Rolandic Epilepsy, Sleep, and Learning

Rolandic epilepsy (also called self-limited epilepsy with centrotemporal spikes, SeLECTS; childhood epilepsy with centrotemporal spikes, CECTS; benign epilepsy with centrotemporal spikes, BECTS) is the most common childhood epilepsy syndrome, accounting for 20% of all childhood epilepsy, and characterized by a transient period of seizures and cognitive difficultes of varying severity and duration in school-age children. Rolandic epilepsy thus provides a natural model to study biomarkers and mechanisms of epileptogenicity and cognitive comorbidities in epilepsy. Through this work, we have introduced and validated novel biomarkers for (1) epileptogenicity (spike ripples), (2) memory dysfunction (sleep spindles), and (3) made the pathophysiological discovery that Rolandic epilepsy is a focal thalamocortical circuit disorder in which focal sleep-activated epileptiform spikes. spike ripples, disrupt regional sleep spindles. In our ongoing studies, we use multimodal imaging and experimental tasks to understand the cause of seizures and cognitive symptoms in Rolandic epilepsy. Our long term goal is to identify new targets and approaches to treat seizures and cognitive deficits in Rolandic epilepsy and related epileptic encephalopathies.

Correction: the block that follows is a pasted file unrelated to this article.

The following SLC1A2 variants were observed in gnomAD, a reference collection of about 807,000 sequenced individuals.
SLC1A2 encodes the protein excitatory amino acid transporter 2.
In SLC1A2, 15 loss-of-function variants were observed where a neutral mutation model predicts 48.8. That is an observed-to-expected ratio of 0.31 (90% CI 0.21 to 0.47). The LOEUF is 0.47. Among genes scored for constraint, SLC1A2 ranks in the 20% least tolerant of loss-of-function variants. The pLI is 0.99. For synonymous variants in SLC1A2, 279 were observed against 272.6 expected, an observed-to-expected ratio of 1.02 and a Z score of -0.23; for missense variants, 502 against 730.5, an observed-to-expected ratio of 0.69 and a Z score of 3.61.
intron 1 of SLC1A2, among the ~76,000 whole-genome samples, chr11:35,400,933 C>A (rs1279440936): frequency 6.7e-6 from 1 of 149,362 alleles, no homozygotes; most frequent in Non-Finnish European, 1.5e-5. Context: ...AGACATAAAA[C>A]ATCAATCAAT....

Findings to date:

We have identified abnormal communications between the thalamus–a deep brain nucleus responsible for organizing cortical brain rhythms during sleep, and the cortex–the outer layer of the brain responsible for learning and cognition in children with Rolandic epilepsy.
[Thorn et al, 2020] [Hunki et al, 2022]

We have found that disruptions to rhythms during sleep predict several of the learning difficulties experienced by some children with Rolandic epilepsy. Specifically, children with Rolandic epilepsy have decreased sleep spindles, brain oscillations generated in the thalamus during sleep that support sleep-dependent memory consolidation. In both children with and without epilepsy, the rate of sleep spindles predicts several measures of cognitive performance.
[Kramer et al, 2021] [Spencer et al, 2022] [Li et al, 2021]

We have found that abnormal fast oscillations coinciding with epileptiform spikes better predict the risk of future seizures in children with Rolandic epilepsy.
[Kramer et al, 2019] [Nadalin et al, 2021] [Chu et al, 2017]

Other findings in Rolandic epilepsy and related epileptic encephalopathies: [Ross et al, 2020]; [Qiang et al, 2021]; [Song et al, 2019]; [Xie et al, 2018]; [Stoyell et al, 2021]

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